Aaaah I see.


I’m married four times.


So, what is the best thing about being Scott English?


That someday there’s going to be a plaque on the wall that says ‘Scott English lived here’ and that I meant something, that I didn’t waste my life as I thought I would when I was sixteen when I was in jail, it was a rocky road as a kid, I was in and out of jails and orphanages and foster homes and it was rocky, it was hard.


Yeah.


So, I found the music business and I started hanging around the Brill Building.


Interesting.


What is on the horizons for you?


Well, I’m writing my book now.


Interesting. Tell us about the book.


It’s about my life, everything I told you about is in the book.


All right, well, we’ll be looking forward to that for sure.

It’s quite humorous, blowing the bubble on a couple of people (Paul laughs, Scott continues),mainly Sharon Osbourne.

I see.
 


My last question, actually I have two. This interview will be heard by people for all over the world. What do you want to say to all those people who are listening to us.

Hey, what do I want to say? Thank you for being patient.  Thank you for taking the time to listen to my words, and I hope I can continue to please you.

Who is Scott English?


Who is Scott English? Sheldon David English, born to Jewish people in Brooklyn 1937, who had a dream and he kept his dream, he stepped on a couple of people, but he kept his dream.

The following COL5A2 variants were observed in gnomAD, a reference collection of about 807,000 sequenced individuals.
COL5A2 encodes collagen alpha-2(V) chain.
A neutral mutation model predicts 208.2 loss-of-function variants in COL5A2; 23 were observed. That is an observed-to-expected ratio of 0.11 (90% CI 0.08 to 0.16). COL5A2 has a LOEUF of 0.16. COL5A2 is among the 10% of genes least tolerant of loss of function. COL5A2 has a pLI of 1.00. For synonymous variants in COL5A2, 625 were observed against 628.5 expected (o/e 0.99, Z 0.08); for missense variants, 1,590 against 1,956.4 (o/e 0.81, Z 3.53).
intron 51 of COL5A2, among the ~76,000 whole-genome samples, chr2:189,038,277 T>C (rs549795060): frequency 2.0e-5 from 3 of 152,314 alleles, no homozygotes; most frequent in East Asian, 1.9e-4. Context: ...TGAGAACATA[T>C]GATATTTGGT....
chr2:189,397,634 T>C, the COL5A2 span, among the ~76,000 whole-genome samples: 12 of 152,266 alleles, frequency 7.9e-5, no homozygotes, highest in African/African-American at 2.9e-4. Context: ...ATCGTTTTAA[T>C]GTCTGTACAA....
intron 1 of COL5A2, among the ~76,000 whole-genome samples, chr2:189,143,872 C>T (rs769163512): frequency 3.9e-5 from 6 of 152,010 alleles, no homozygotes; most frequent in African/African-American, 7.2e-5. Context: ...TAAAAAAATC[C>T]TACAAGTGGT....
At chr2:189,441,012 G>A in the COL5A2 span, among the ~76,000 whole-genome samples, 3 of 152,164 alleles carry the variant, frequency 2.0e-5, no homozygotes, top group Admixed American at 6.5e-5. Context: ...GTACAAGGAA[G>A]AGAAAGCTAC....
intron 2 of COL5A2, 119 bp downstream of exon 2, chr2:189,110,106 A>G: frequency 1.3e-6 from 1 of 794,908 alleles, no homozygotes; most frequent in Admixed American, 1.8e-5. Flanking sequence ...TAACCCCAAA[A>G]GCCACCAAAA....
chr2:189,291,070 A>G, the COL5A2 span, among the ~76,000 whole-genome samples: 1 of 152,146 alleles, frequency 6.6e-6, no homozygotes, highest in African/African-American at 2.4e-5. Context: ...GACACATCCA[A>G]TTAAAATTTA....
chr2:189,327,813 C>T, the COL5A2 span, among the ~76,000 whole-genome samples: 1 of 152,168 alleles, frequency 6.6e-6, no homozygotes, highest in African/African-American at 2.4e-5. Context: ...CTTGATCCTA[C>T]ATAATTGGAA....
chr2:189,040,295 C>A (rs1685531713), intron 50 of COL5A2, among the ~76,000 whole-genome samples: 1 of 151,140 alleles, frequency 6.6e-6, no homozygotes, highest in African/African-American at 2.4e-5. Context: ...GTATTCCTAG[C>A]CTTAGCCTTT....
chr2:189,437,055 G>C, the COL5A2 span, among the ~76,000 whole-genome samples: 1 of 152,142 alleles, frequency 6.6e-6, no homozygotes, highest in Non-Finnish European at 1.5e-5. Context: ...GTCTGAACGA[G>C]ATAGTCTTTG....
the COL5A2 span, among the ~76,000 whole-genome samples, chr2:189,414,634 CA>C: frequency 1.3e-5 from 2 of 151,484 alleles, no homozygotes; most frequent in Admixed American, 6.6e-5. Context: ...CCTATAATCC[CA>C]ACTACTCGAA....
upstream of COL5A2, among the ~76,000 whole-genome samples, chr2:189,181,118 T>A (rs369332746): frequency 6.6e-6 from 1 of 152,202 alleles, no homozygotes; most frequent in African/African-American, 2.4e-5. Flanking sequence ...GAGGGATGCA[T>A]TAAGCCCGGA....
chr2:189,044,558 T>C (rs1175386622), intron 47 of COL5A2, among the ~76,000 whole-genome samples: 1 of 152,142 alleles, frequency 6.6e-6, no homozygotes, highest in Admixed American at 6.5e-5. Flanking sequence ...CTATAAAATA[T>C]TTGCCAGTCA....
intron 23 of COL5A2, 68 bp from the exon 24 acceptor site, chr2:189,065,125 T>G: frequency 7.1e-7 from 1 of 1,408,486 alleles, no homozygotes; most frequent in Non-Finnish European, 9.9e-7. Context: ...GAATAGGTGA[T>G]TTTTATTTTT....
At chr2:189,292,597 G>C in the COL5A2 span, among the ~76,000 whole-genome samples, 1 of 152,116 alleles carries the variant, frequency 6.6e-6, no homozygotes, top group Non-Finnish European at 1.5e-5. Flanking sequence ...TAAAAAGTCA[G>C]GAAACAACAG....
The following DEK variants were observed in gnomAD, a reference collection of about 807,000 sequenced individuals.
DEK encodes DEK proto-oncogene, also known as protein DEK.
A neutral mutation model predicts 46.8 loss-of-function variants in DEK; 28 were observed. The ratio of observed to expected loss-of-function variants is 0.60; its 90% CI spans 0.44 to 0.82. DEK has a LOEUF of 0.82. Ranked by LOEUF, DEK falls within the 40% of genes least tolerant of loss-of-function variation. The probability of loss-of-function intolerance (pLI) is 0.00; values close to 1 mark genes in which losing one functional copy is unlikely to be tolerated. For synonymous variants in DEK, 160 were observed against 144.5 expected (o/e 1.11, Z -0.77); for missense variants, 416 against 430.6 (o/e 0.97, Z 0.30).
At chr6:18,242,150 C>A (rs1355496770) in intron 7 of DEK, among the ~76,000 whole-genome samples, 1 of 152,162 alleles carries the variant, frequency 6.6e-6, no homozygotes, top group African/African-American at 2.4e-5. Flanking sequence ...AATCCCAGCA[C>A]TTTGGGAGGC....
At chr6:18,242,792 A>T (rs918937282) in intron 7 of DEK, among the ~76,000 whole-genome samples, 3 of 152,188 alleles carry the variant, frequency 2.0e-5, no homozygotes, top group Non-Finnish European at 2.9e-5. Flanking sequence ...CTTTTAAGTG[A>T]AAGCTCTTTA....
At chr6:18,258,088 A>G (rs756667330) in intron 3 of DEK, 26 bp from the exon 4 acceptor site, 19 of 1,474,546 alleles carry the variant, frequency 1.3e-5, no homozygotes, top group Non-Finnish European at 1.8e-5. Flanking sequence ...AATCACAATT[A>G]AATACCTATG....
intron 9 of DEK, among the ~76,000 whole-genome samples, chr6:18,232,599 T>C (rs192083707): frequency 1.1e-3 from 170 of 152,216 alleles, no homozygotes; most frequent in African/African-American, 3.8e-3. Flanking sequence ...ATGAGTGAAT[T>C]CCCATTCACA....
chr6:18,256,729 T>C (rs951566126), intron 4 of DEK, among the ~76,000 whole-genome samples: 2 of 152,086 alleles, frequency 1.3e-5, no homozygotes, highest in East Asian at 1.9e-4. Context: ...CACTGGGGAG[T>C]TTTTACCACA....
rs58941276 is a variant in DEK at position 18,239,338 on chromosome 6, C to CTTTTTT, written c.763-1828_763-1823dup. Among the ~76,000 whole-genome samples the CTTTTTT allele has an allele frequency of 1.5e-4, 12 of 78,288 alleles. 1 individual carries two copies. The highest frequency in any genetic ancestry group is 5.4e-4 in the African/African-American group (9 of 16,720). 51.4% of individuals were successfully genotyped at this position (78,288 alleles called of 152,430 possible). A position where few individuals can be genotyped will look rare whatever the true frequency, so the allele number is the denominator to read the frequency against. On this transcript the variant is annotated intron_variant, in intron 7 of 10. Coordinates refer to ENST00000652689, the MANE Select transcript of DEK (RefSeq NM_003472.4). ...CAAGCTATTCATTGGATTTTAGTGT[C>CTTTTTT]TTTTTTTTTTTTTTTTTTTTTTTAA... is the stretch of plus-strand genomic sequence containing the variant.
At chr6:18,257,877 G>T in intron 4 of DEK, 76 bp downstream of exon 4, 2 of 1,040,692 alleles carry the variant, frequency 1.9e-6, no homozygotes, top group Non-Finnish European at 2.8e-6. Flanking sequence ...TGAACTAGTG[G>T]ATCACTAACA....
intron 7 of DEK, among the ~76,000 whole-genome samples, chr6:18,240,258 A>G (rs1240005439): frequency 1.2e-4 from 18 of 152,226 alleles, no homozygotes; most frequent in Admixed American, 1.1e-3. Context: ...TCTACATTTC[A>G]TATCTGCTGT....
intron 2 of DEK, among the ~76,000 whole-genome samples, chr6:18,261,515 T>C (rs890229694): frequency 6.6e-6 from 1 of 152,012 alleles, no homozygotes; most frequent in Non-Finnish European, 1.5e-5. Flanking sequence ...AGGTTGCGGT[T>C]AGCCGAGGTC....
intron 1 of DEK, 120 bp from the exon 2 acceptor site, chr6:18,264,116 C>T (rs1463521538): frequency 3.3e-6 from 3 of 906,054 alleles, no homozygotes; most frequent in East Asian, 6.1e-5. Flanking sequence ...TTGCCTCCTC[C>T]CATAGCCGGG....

Well Mr. English, it has been a great pleasure to do this interview, I really appreciate it.


Hey, Paul thank you. Would like to meet you when I’m in New York.


I hope we get to shake hands one day.

TRANSCRIBED BY ROSALIND WINTON

Jack Feldman: Lyricist

JACK FELDMAN is a lyricist.  Along with composer Alan Menken, he wrote the songs for the musical “NEWSIES,” with book by Harvey Fierstein.  Jack Feldman has also written many lyrics for songs appearing in Disney animated films.  Along with fellow lyricist Bruce Sussman, Jack Feldman wrote many songs with recording artist Barry Manilow.

***

Ladies and gentlemen, it is my pleasure to welcome our special guest.  He’s a very talented lyricist, Mr. Jack Feldman.  Along with Alan Menken and Harvey Fierstein he is the creator of the new musical, ‘Newsies.’  Thanks so much for joining us.
My pleasure Paul.


Who is Jack Feldman?

(Laughs)  Well, I’m a guy who grew up in the New York area on Long Island and I got to see a lot theater while I was growing up cause my parents would go and I remember going also with my grandmother when I was just a little kid and I always loved it.  It was at the center of my life since I can remember in terms of what I enjoyed to do and what I enjoy doing and working in the theater was always what I aspired to do.